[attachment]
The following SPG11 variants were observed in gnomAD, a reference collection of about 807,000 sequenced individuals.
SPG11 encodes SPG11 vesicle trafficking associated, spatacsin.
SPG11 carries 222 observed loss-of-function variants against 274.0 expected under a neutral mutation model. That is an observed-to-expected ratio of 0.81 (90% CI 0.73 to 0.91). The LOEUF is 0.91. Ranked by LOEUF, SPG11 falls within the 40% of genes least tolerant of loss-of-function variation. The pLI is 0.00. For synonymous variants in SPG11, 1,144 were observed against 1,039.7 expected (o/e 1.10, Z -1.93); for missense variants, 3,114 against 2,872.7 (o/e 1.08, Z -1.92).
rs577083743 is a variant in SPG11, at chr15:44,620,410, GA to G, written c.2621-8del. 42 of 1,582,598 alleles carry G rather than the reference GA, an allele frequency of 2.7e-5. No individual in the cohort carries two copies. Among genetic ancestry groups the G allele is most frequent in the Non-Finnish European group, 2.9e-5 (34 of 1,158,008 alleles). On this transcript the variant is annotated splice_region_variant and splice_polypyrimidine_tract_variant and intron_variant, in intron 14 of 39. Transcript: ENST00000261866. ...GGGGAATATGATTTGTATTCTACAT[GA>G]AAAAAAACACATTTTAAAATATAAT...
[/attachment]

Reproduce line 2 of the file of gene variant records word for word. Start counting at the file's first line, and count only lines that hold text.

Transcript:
SPG11 encodes SPG11 vesicle trafficking associated, spatacsin.